Symbolism in Lord of the Flies
The novel Lord of the Flies is about a group of British boys who are deserted on a tropical island. They come across many situations and items that lead into an adventure or a conflict. Golding uses symbolism to define these objects in the story.
One use of symbolism is the conch. It represents order and stability. This is a good use of symbolism because it is what first brings the boys together. The idea of a conch, a small item, representing unity is odd. It also symbolizes the end of peace when it is broken. It is logical that when the conch is shattered so is order. When there is no control, chaos reigns. It depicts authority because when someone has the conch they are the only one allowed to talk. It is similar to the quote “the power of the pen” because the person with the small article has power. It is also like a judge’s gavel in that the small object has supremacy.
The pig’s head is another object symbolized in the story. It reveals the true nature of the beast. It represents the enternal, sinister nature in all men. It shows that all men are inherently evil. It is sometimes referred to as the “Lord of the Flies” or Satan. When bodies rot and decay, flies form around them and that is what happens when people are sent to Satan. Men are often referred to as pigs and since Satan is a nasty, corrupt man these names are appropriate. It shows the savagery of Jack’s tribe. They are cruel, demented boys. Killing a pig and sticking its head an a stick represents this well.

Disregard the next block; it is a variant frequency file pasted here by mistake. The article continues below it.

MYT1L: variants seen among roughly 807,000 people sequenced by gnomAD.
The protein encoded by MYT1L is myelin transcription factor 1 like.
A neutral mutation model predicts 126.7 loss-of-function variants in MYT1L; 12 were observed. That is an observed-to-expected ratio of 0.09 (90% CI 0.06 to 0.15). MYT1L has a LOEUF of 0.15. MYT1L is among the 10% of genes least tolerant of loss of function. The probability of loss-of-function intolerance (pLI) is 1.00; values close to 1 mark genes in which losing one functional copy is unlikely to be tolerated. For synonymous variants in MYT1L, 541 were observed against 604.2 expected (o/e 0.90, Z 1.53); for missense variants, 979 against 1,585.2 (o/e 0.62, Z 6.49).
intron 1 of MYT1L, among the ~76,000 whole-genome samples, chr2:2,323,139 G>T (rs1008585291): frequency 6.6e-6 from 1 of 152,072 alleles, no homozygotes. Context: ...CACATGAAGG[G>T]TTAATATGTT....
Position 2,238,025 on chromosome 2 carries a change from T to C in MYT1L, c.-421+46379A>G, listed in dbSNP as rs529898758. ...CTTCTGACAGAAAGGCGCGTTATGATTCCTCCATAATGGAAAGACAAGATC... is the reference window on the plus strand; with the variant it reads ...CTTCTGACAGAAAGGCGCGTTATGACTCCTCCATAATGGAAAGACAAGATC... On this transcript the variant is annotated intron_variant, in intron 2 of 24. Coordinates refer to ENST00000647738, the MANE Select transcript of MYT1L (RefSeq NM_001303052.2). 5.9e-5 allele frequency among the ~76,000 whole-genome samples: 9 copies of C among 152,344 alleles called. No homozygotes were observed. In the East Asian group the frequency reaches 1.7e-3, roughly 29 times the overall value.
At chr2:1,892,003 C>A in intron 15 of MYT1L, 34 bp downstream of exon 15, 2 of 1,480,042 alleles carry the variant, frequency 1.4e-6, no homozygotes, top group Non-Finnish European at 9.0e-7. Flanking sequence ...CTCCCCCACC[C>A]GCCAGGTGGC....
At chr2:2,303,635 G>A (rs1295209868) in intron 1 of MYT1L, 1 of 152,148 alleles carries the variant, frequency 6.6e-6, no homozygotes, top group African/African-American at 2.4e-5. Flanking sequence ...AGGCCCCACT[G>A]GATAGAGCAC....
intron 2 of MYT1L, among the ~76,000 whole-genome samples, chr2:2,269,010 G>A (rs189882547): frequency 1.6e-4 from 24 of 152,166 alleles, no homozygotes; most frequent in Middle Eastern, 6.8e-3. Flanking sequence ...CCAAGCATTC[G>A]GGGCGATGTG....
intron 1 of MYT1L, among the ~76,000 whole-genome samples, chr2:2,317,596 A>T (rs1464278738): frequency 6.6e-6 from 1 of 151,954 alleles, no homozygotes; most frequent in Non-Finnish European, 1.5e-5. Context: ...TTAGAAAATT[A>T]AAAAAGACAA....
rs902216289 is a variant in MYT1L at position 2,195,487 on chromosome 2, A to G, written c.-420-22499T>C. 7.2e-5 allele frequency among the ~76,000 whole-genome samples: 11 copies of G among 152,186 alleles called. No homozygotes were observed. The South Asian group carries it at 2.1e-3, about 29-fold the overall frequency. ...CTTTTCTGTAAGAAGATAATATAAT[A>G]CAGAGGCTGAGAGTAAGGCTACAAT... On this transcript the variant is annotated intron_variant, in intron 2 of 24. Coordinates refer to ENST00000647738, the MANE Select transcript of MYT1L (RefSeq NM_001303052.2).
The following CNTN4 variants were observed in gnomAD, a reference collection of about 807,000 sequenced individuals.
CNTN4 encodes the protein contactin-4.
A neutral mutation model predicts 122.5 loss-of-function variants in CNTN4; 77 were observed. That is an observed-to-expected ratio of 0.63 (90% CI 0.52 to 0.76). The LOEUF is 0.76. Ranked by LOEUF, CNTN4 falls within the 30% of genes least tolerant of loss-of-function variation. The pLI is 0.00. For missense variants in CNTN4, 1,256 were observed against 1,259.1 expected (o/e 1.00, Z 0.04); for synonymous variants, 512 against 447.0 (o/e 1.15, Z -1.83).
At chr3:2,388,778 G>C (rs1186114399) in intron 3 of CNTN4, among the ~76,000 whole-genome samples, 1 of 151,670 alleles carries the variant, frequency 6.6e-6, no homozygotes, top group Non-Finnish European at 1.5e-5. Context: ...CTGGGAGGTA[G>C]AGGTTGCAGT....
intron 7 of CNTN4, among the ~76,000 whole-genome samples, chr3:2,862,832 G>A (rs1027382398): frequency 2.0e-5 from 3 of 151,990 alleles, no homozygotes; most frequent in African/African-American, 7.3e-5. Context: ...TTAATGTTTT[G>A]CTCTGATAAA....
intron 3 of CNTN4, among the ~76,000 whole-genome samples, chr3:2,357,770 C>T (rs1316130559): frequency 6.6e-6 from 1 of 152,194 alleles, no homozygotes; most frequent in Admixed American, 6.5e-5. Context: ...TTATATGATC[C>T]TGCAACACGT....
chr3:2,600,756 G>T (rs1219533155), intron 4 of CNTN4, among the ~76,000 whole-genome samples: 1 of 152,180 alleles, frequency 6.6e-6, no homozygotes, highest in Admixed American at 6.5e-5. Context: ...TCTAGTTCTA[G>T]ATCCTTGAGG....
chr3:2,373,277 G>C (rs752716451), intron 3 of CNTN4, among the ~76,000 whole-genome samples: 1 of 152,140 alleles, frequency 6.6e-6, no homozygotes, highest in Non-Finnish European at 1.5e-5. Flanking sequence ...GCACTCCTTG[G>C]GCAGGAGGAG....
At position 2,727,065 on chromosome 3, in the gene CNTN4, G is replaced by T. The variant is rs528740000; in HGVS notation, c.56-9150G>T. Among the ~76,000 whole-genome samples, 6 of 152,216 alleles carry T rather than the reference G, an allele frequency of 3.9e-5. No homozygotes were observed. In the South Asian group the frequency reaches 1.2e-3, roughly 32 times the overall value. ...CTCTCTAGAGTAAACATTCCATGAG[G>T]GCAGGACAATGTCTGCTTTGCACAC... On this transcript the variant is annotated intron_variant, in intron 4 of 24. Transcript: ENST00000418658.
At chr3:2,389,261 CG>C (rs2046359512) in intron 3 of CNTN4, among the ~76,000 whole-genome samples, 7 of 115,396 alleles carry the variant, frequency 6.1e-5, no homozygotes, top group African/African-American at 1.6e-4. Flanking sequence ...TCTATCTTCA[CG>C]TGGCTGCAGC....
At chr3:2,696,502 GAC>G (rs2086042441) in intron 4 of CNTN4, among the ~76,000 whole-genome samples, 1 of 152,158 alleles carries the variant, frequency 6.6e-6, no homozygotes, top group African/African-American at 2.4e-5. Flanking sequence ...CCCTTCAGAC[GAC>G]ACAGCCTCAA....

Piggy’s glassses are an additional commodity used for symbolism. They represent the power of intelligence. This is also a good use of symbolism because Piggy is the most intelligent one. It is logical that his glasses would be the source of intelligence since he is the only one with glasses and the smartest boy. They are a link into the adultword. Glasses help people see, and they help the boys see as adults would. They allow the boys to conceive and reason like adults. When the specs are broken, the boys are no longer tied to the adultword. It is the same as when someone breaks their glasses they can not see as well. The boys are not able to understand, rationalize and contemplate like adults would.
William Golding uses symbolism in Lord of the Flies to reveal some of man’s cultural aspects. The conch stands for power, similiar to a badge or a judge’s gavel in today’s society. The pig’s head shows that man is inherently evil, while Piggy’s glasses symbolize the power of intelligence. Throught the book, Golding uses objects in the boys’ everyday life on the island to symbolize items in our world today.